But that still leaves a whopping 235 electoral votes in the 17 states that are not distinctly pro-Trump or con, the states where he has been at 40% to 49% approval (again, relying primarily on the Gallup tracking).
In 2016, Trump was able to pick off just enough states in the Great Lakes region — starting with pivotal Ohio — to win despite losing the popular vote by 2.9 million votes. He could win again, even losing by millions in the popular vote, if he can reassemble the same bloc of states — or close to it.
There seems little point in campaigning at all in the deeper blue states such as California, New York and Illinois. While millions of voters live there, the president has little or no chance of translating their votes into the electoral votes he needs to supplement his base in the rest of the country.
The president will campaign in the states where he has been polling in the 40s, including previously reliable blue states he shocked the world by winning in 2016 (Pennsylvania, Michigan and Wisconsin). He won those three by fractions of a percentage point each (just under 78,000 votes aggregate total).
All three states elected Democratic governors in 2018. But the president maintains a loyal Republican base in each and will again appeal to non-Republicans who found him the better choice in 2016. He hopes they hold and lift him again next year.
Short Center Editorial by the Publisher, Adam Gonzalez:


 One of the problems with our voting system is One the Electoral vote and Second, the voters falling in love with politicians like if they were movie stars. These politicians are as honest as the best or worse actor in reading their lines and presenting something very far from what they are. However, our system is political and we have to vote for politicians but does not say you have to love them? I think it started with FDR and it got cemented with the short life of President John Kennedy. But because 17 states fell for Trump, a good for nothing New Yorker who never worked a day in his life but he hit the right tone with the people in 17 states that thought he was better than Hillary who only the ones closest to her loved her ( all 12 of them) and that was not many. Now we have people infatuated with the man least likely to run and win against a sleeky snake-like Trump. That is Biden of coarse. He never got the message that the time with Obama was going to be the end of the White House career and he had a lot of accomplishments and many loving fans. But loving Biden means you' re not thinking straight. Why is that? Simple! Most of us ignore the shortcoming of the people we love.
 On the other hand that is not the way, Trump is going to be feeling and treating him as such, which means Trump again might win. Even with a good candidate that knows how to take it but better yet to dish it out without looking hateful this person will have a tough time not because they won't be millions of voters ahead like Hillary(over 3million over Trump yet she lost) but is the College Electoral system in which states with 3 thousand people have more say than NYC, California or Washington state with its millions of residents and the drivers of the economy of this country.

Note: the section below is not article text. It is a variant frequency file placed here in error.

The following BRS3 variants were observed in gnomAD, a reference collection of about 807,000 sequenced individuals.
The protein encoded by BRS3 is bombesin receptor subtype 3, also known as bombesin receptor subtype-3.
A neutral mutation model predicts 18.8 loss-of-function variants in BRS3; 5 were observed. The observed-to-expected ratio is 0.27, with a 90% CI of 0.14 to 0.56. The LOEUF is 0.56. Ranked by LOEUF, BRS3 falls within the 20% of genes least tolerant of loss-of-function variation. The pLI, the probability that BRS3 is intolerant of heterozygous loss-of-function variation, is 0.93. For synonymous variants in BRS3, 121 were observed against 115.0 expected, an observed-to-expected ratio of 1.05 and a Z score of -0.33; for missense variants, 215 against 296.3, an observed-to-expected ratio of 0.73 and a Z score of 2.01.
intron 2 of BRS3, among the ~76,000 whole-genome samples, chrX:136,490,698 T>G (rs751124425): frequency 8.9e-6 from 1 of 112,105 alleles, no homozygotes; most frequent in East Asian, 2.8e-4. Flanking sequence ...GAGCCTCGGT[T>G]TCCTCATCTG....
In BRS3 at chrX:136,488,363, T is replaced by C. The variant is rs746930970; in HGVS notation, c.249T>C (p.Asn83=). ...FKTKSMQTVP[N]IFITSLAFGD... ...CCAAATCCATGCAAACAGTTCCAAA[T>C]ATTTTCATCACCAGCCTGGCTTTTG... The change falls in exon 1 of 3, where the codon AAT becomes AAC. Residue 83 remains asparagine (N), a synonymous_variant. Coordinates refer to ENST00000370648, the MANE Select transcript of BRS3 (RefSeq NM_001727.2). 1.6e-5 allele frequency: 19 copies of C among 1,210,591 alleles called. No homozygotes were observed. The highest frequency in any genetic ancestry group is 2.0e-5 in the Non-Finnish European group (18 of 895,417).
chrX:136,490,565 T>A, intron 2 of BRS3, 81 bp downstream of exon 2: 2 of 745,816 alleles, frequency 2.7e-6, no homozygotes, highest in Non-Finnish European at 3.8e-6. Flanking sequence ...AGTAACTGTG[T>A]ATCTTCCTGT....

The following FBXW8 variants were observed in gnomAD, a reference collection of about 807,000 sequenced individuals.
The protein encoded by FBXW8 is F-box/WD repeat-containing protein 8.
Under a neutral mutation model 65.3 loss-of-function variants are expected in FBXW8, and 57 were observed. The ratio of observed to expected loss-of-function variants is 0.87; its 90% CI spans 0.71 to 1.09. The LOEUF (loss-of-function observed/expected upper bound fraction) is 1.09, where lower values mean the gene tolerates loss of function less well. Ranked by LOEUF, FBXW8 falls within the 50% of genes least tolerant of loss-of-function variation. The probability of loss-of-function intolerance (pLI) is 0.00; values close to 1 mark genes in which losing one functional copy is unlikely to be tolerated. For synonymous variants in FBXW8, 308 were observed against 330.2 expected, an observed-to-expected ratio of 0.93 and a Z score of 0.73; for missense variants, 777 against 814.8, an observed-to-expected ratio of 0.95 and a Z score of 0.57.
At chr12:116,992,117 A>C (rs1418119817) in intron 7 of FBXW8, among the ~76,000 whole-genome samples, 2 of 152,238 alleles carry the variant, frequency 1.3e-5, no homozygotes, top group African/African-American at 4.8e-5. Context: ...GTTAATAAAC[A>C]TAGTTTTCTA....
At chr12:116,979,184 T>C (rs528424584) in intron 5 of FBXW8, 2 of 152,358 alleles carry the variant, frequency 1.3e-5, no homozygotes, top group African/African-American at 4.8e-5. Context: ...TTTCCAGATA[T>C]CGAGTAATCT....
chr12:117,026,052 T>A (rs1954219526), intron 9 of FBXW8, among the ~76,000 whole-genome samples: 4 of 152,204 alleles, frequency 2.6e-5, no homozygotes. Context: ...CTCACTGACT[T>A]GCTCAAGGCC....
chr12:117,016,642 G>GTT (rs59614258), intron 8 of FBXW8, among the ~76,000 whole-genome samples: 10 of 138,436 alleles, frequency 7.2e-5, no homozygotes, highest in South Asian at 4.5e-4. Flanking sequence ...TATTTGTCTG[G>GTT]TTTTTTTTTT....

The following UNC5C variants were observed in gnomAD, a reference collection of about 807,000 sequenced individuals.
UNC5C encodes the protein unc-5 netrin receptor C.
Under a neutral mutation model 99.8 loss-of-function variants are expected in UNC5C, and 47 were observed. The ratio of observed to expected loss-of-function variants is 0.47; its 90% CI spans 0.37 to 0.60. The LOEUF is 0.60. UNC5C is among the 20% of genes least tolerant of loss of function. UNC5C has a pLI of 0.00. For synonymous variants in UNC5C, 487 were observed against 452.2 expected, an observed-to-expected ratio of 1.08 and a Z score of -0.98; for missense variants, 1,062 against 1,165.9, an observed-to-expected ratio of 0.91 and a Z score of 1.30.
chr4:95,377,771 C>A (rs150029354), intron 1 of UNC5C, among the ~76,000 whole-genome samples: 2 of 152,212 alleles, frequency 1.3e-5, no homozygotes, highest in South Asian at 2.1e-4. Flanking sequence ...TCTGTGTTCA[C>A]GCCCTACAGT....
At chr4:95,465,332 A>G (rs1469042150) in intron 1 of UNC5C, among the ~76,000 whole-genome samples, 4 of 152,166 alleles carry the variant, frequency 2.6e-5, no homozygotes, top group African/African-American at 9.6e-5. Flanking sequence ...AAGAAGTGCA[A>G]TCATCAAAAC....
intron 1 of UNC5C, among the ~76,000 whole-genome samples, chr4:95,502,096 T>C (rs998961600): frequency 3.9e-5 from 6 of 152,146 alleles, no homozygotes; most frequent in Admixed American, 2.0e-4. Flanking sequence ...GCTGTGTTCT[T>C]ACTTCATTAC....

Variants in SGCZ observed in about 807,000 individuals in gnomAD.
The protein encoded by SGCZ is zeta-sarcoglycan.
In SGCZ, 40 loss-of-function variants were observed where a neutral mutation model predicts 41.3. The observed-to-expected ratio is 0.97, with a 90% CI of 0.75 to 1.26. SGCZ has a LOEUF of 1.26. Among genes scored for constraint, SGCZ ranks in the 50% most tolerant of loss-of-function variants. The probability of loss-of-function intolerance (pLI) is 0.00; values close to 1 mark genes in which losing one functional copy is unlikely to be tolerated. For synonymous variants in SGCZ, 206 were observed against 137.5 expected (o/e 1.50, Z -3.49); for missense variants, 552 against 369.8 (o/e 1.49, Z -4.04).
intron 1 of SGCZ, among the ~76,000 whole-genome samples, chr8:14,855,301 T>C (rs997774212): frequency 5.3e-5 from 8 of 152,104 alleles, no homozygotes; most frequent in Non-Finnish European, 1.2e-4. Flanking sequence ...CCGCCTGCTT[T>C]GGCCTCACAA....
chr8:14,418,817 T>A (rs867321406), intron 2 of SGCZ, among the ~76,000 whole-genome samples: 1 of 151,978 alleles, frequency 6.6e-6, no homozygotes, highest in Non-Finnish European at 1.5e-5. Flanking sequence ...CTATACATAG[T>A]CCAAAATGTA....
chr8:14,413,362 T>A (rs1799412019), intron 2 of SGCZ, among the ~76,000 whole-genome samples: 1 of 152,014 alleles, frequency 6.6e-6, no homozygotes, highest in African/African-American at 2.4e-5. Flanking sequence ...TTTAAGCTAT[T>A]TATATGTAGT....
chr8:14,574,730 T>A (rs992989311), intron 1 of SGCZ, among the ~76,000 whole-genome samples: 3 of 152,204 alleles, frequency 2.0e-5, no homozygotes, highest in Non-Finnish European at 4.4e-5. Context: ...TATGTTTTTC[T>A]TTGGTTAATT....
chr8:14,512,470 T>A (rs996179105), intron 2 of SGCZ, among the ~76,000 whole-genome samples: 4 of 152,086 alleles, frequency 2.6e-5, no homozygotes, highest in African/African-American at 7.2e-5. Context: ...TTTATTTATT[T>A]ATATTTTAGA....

My point is simple: Please don't fall in love for Biden, He will loose and don't fall in love with any of the other. You need to get to know the strong political points of Trump, which is simple to see and not many and try to find someone to kick those on this bold head (sorry for the bold head comment guys, I like them very much). 
                                                                    
                                  Image result for I like you but don't love you

 Needless to say, the president will emphasize that strategic handful of "purple states" that have swung back and forth in recent presidential cycles. Most important are the ones he captured last time: Florida, Ohio, North Carolina, Arizona and Iowa. But he will also be looking to compete in swing states he lost to Hillary Clinton: Virginia, Colorado, Nevada and New Hampshire.
With all this predictable effort, however, Trump will not neglect the 17 base states that have stood by him most loyally so far. And he should find it natural enough to enlarge this group with the states that have at least kept him near 50% approval through his first 32 months in office.
These include the megastates of Texas and Georgia (No. 2 and No. 8), plus Louisiana and Indiana. He has held rallies in these states and stressed their issues and concerns from Inauguration Day forward. And he knows that without all these states on board, all other strategies and outreach will not be enough to ensure a second inauguration.